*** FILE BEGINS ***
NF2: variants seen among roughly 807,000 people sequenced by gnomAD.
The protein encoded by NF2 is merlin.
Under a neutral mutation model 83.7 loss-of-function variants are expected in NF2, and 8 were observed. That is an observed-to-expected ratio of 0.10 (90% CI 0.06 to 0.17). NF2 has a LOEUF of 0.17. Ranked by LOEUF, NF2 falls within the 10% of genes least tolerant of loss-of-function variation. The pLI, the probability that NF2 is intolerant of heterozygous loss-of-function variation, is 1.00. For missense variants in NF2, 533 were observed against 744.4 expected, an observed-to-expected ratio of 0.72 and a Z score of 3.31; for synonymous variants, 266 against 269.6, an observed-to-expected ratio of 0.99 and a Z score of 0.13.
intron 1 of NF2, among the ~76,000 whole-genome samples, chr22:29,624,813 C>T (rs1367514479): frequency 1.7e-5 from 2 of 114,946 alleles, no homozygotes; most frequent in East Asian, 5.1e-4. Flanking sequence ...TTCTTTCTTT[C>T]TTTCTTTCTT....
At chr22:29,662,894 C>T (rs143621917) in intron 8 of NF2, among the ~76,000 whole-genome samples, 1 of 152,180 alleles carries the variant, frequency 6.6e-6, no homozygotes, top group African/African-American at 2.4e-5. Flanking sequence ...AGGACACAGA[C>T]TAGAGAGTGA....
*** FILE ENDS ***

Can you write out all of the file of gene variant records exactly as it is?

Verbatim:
NF2: variants seen among roughly 807,000 people sequenced by gnomAD.
The protein encoded by NF2 is merlin.
Under a neutral mutation model 83.7 loss-of-function variants are expected in NF2, and 8 were observed. That is an observed-to-expected ratio of 0.10 (90% CI 0.06 to 0.17). NF2 has a LOEUF of 0.17. Ranked by LOEUF, NF2 falls within the 10% of genes least tolerant of loss-of-function variation. The pLI, the probability that NF2 is intolerant of heterozygous loss-of-function variation, is 1.00. For missense variants in NF2, 533 were observed against 744.4 expected, an observed-to-expected ratio of 0.72 and a Z score of 3.31; for synonymous variants, 266 against 269.6, an observed-to-expected ratio of 0.99 and a Z score of 0.13.
intron 1 of NF2, among the ~76,000 whole-genome samples, chr22:29,624,813 C>T (rs1367514479): frequency 1.7e-5 from 2 of 114,946 alleles, no homozygotes; most frequent in East Asian, 5.1e-4. Flanking sequence ...TTCTTTCTTT[C>T]TTTCTTTCTT....
At chr22:29,662,894 C>T (rs143621917) in intron 8 of NF2, among the ~76,000 whole-genome samples, 1 of 152,180 alleles carries the variant, frequency 6.6e-6, no homozygotes, top group African/African-American at 2.4e-5. Flanking sequence ...AGGACACAGA[C>T]TAGAGAGTGA....